Cult-Like Culture: Something To Believe In
“Live your beliefs and you can turn the world around. 
 — Henry David Thoreau

Does Freemasonry offer the young men of today who actively seek involvement something to believe in? According to Don Schmincke, founder of The Saga Institute and author of The Code of the Executive,[1] the secret to organizational success lies in belief. People act according to their beliefs. Passion lives in a man’s beliefs, and a man who truly believes in a cause will make sacrifices for it. Napoleon once remarked: “a soldier will fight long and hard for a bit of colored ribbon.” At first blush a crass statement, but a more thorough analysis reveals that Napoleon understood what drives men. Of course, it was not the worthless material of the ribbon; but, rather what the soldier believed that the ribbon symbolized for which he was willing to fight: Duty; Honor; Country

John W. Gardner observed, “Men of integrity, by their existence, rekindle the belief that as a people we can live above the level of moral squalor. We need that belief; a cynical community is a corrupt community.” Henry David Thoreau said, “Live your beliefs and you can turn the world around.” So why should we work to build a better world for our children? Because we can. And, Freemasonry provides a vehicle to unite the very best men together to build that better world.

If young men again perceived Freemasonry as something worth believing in, the need for public relation campaigns and one-day classes would vanish overnight. Adapting Schmincke’s analysis to Freemasonry, there are three essential building blocks that create belief. First, there needs to be an inspiring story; a compelling saga that illustrates an organization’s reason for being and resonantly answers the questions “who are we” and “why are we here” while at the same time is devoid of grandiose and unsubstantiated myth. Next, an organization must create a culture of identity, a tribal community with which each member strongly associates on a deeply personal level. Finally, Freemasonry must have an effective organizational structure that provides progressive and inspiring leadership that envisions, enables, and engages its members, earning both their respect and enthusiastic support.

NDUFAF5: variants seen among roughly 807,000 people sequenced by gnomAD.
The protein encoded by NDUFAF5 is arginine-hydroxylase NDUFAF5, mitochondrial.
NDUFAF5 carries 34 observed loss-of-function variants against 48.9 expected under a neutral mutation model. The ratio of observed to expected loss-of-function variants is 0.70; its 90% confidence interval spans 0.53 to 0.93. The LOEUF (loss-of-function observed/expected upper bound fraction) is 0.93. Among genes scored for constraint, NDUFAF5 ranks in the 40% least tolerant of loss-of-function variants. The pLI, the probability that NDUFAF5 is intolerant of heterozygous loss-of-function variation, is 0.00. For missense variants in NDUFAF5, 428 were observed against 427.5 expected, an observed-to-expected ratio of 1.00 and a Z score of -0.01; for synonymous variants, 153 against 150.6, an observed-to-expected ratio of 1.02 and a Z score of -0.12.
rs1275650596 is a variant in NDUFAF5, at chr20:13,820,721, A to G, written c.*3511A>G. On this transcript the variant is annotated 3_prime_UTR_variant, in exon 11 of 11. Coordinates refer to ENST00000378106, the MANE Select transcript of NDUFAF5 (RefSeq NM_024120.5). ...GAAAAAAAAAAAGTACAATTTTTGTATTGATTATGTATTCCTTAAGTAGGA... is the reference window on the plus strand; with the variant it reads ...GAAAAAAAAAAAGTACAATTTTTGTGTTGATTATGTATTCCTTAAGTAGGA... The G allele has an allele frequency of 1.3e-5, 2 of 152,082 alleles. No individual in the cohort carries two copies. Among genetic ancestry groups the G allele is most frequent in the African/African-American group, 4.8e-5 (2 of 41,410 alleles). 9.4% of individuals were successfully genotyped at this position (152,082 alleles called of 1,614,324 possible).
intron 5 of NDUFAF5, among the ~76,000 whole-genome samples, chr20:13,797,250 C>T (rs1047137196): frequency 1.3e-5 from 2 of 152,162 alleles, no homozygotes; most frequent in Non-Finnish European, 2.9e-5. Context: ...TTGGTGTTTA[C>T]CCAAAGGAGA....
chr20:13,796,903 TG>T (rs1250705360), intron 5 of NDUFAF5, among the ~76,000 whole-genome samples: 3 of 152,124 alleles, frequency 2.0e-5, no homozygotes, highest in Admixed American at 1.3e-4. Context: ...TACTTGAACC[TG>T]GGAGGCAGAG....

1. Freemasonry’s Inspiring Story

There are charities that do good works. There are clubs and fraternities that provide social fellowship. There are church congregations that teach moral virtue to their members. But few organizations embrace the simple truth that everyone is part of the universal brotherhood of man. Christians, Jews, Muslims, Hindus, and Buddhists—all these good people work within their religious communities to improve the world. But, where do all of these groups come together in brotherly love for the betterment of all mankind? In an earlier age, one such place was a masonic lodge.

On September 11, 2001, the world bore witness to an act of terror rooted in a culture of divisiveness and hate. Sadly, belief systems that divide humanity into an “us and them” are all too common. As the great Scottish poet and Brother Mason Robert Burns penned, “Man’s Inhumanity to Man, makes countless thousands mourn.”[2] The world has borne witness to the horror of genocide throughout history: the Holocaust; the killing fields in Cambodia; the Armenian genocide; the Balkan ethnic cleansing; Stalin’s and Mao’s great purges, and Rwanda, just to name a few.